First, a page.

Boston clearly made out like bandits when they dealt Rajon Rondo to Dallas last season. Not only was the point guard a disaster with the Mavericks, but the Celtics also received arguably the best player in the deal: Jae Crowder. At the time he was traded, Crowder had only averaged 15.9 minutes per game in his 181 games in a Mavs uniform. While he had decent per-36 numbers (10.5 points, 5.1 rebounds, and 1.7 steals), his ascension to crucial starter on a rising Boston roster was unseen by most as he was a mere throw-in into the transaction.
After starting 17 of his 57 Celtics appearances last season, Crowder has been a fixture in Brad Stevens' starting lineup this year, starting all 74 games he has played. As their jack-of-all-trades, Crowder is a tenacious defender ranking fifth in steals of all non-point guards. He has also emerged as the third option on a balanced Celtics offense.
His 6.5-point-per-game scoring increase is not just from an increasing number of looks (6.6 to 11.1 field goal attempts) but from being able to find a greater success shooting the ball especially from three. The fourth-year small forward also posted the highest increase in nERD (4.6) of all the candidates making him a close second to...
C.J. McCollum, SG, Portland Trail Blazers
The Most Improved Player award was created 30 years ago with players like McCollum in mind. Riding the bench the first two years of his career, the 6'5" shooting guard finally got his shot after the Blazers' roster purge this past offseason, when they said goodbye to four of their five starters from 2014-15. Without his contributions as the second-best scorer on the team, the Blazers would have finished in the lottery, as we all expected, and not as the 5 seed looking to upset the Clippers in the first-round of the playoffs.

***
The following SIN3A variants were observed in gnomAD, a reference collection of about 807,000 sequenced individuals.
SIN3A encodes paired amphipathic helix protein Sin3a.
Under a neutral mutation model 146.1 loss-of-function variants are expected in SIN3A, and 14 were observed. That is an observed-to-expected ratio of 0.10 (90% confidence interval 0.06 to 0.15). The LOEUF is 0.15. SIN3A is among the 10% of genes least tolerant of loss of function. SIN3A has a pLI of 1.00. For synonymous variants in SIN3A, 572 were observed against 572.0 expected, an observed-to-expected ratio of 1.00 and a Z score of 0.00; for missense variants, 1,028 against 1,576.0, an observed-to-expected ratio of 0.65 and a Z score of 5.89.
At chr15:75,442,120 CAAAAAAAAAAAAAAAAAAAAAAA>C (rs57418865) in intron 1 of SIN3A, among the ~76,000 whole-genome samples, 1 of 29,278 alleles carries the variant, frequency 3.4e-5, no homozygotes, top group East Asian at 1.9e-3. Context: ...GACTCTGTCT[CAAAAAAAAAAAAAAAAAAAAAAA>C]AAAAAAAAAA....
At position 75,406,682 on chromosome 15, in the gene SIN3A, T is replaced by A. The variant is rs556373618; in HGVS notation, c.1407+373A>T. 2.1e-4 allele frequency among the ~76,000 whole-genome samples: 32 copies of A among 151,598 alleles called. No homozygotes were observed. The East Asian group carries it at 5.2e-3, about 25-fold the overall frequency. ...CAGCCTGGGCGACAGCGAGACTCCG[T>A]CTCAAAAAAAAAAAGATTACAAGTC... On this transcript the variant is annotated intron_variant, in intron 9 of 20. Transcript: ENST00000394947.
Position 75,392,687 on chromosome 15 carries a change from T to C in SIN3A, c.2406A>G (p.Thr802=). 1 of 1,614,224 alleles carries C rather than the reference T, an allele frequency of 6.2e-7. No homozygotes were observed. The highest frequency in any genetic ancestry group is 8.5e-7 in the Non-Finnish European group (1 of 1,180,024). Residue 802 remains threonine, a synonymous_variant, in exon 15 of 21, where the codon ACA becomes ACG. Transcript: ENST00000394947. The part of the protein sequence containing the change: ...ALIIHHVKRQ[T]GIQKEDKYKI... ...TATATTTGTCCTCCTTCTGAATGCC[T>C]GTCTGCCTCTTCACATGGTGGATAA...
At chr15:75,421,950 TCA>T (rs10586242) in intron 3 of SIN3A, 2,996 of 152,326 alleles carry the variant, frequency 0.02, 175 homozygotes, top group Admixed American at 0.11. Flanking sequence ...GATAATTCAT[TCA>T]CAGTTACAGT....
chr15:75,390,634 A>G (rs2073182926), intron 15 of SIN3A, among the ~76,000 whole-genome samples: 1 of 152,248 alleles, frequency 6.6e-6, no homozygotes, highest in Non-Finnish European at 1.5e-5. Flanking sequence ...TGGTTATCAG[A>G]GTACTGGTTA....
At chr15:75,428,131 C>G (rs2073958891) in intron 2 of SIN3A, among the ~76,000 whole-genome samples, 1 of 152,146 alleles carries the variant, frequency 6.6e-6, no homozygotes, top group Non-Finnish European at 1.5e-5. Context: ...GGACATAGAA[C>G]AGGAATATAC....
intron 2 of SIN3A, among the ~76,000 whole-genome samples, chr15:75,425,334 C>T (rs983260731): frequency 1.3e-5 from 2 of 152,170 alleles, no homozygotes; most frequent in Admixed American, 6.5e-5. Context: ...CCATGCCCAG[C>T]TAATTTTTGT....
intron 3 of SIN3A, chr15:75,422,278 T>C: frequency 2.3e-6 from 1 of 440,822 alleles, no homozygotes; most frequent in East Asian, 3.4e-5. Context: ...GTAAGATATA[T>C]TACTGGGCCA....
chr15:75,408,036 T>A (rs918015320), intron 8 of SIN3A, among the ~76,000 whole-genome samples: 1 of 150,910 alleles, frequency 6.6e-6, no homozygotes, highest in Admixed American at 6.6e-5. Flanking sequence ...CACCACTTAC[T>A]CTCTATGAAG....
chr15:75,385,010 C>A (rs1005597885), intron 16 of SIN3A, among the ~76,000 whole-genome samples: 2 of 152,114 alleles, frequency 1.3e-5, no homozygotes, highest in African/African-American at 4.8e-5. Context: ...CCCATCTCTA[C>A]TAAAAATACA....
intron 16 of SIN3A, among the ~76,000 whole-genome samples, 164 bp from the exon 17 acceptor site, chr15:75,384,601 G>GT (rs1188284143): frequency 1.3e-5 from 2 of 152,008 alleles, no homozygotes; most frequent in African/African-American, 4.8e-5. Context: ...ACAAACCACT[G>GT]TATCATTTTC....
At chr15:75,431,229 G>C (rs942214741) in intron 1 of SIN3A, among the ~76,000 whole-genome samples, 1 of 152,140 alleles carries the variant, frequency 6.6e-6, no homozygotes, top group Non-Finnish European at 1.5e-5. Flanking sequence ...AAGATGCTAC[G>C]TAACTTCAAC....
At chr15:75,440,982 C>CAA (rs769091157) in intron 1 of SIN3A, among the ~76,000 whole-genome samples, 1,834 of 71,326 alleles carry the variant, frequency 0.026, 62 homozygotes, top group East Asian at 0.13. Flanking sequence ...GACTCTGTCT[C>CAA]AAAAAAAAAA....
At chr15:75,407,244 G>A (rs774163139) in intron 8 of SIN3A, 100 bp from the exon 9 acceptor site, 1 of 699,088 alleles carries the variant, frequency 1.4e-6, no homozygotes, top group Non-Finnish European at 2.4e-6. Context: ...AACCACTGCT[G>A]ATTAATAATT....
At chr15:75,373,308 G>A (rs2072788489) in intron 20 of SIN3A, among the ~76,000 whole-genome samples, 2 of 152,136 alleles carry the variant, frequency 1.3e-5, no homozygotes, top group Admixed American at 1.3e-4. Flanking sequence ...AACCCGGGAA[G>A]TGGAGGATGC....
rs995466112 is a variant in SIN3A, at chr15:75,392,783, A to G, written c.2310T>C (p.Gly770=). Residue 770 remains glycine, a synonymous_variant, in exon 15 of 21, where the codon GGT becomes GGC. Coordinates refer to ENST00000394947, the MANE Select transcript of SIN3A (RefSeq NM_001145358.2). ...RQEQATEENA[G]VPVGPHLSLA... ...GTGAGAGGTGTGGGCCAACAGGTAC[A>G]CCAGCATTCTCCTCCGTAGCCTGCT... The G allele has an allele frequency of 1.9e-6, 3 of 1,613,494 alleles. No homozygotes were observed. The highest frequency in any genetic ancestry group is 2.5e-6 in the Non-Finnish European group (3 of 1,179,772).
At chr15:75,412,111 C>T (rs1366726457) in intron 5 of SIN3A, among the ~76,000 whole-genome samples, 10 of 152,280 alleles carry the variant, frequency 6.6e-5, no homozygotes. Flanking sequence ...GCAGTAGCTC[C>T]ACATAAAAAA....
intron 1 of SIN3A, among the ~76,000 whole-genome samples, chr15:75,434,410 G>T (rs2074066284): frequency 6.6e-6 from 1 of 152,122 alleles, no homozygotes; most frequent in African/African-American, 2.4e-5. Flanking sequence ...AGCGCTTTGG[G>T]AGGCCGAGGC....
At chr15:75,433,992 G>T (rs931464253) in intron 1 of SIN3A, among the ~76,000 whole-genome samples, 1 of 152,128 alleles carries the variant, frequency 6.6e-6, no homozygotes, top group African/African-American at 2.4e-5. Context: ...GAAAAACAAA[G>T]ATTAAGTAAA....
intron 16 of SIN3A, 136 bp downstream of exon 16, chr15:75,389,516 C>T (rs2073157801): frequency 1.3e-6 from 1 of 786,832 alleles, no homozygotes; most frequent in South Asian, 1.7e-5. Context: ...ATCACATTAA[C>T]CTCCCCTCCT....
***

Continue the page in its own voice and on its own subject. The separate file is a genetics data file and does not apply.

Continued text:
Joining superstar Damian Lillard in the backcourt, McCollum took full advantage of his opportunity to form the second-deadliest shooting combo in the NBA, behind only Curry and Klay Thompson. When Dame missed seven games with a foot injury in late December, McCollum proved he had pure star potential as he took over for his backcourt mate. He led the Blazers to a 4-2 mark in the six games he played, including a 29-point victory over the East-leading Cavaliers. McCollum averaged 26.0 points, 5.5 rebounds, and 6.5 assists per game during the Lillard-less stretch.
His ridiculous 14.0-point-per-game increase left the Lehigh product as the 18th-best scorer in the league and top nine in both three-pointers made and percentage. He had eight 30-plus point games this season. Playing against stiff competition didn't slow him down either; the 24-year-old averaged 22.5 points per game against the top two defenses in the league in regards to Defensive Rating, San Antonio and Atlanta. In fact, the third-year guard practically claimed the award on opening night as he dropped 37 points on the Pelicans.
If you need any more convincing that McCollum is a superstar in the making, check this out.